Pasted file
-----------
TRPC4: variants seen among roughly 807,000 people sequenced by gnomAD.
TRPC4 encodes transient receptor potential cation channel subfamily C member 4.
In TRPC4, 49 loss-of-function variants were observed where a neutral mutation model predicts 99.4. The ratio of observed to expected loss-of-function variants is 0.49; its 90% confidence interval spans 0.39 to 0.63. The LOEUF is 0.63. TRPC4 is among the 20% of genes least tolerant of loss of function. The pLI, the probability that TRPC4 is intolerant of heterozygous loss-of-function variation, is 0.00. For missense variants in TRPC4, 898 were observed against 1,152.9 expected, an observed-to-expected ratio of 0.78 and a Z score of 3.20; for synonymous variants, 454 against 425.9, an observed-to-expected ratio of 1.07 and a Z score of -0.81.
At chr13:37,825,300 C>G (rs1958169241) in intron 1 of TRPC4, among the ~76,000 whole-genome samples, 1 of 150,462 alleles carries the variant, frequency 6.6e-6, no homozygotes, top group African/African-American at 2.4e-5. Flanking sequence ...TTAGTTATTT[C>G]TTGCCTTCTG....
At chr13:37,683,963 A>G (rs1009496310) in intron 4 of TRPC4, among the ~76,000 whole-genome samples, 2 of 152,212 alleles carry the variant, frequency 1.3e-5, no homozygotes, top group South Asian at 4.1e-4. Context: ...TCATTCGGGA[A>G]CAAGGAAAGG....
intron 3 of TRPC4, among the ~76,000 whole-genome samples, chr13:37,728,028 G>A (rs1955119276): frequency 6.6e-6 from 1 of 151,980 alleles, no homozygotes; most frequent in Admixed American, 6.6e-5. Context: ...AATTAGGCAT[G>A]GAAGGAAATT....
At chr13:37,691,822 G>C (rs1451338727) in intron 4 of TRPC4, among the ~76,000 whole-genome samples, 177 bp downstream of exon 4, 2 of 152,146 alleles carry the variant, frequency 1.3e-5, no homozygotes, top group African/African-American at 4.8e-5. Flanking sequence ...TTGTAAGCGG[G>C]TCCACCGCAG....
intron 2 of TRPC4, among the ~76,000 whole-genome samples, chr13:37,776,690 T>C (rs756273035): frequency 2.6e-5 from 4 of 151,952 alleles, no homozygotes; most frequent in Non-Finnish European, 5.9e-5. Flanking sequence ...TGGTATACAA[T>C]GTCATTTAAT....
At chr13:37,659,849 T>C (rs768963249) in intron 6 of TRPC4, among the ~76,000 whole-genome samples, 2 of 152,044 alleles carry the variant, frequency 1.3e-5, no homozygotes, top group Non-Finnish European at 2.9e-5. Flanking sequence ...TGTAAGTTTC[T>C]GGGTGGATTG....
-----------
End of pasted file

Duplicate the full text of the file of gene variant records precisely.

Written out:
TRPC4: variants seen among roughly 807,000 people sequenced by gnomAD.
TRPC4 encodes transient receptor potential cation channel subfamily C member 4.
In TRPC4, 49 loss-of-function variants were observed where a neutral mutation model predicts 99.4. The ratio of observed to expected loss-of-function variants is 0.49; its 90% confidence interval spans 0.39 to 0.63. The LOEUF is 0.63. TRPC4 is among the 20% of genes least tolerant of loss of function. The pLI, the probability that TRPC4 is intolerant of heterozygous loss-of-function variation, is 0.00. For missense variants in TRPC4, 898 were observed against 1,152.9 expected, an observed-to-expected ratio of 0.78 and a Z score of 3.20; for synonymous variants, 454 against 425.9, an observed-to-expected ratio of 1.07 and a Z score of -0.81.
At chr13:37,825,300 C>G (rs1958169241) in intron 1 of TRPC4, among the ~76,000 whole-genome samples, 1 of 150,462 alleles carries the variant, frequency 6.6e-6, no homozygotes, top group African/African-American at 2.4e-5. Flanking sequence ...TTAGTTATTT[C>G]TTGCCTTCTG....
At chr13:37,683,963 A>G (rs1009496310) in intron 4 of TRPC4, among the ~76,000 whole-genome samples, 2 of 152,212 alleles carry the variant, frequency 1.3e-5, no homozygotes, top group South Asian at 4.1e-4. Context: ...TCATTCGGGA[A>G]CAAGGAAAGG....
intron 3 of TRPC4, among the ~76,000 whole-genome samples, chr13:37,728,028 G>A (rs1955119276): frequency 6.6e-6 from 1 of 151,980 alleles, no homozygotes; most frequent in Admixed American, 6.6e-5. Context: ...AATTAGGCAT[G>A]GAAGGAAATT....
At chr13:37,691,822 G>C (rs1451338727) in intron 4 of TRPC4, among the ~76,000 whole-genome samples, 177 bp downstream of exon 4, 2 of 152,146 alleles carry the variant, frequency 1.3e-5, no homozygotes, top group African/African-American at 4.8e-5. Flanking sequence ...TTGTAAGCGG[G>C]TCCACCGCAG....
intron 2 of TRPC4, among the ~76,000 whole-genome samples, chr13:37,776,690 T>C (rs756273035): frequency 2.6e-5 from 4 of 151,952 alleles, no homozygotes; most frequent in Non-Finnish European, 5.9e-5. Flanking sequence ...TGGTATACAA[T>C]GTCATTTAAT....
At chr13:37,659,849 T>C (rs768963249) in intron 6 of TRPC4, among the ~76,000 whole-genome samples, 2 of 152,044 alleles carry the variant, frequency 1.3e-5, no homozygotes, top group Non-Finnish European at 2.9e-5. Flanking sequence ...TGTAAGTTTC[T>C]GGGTGGATTG....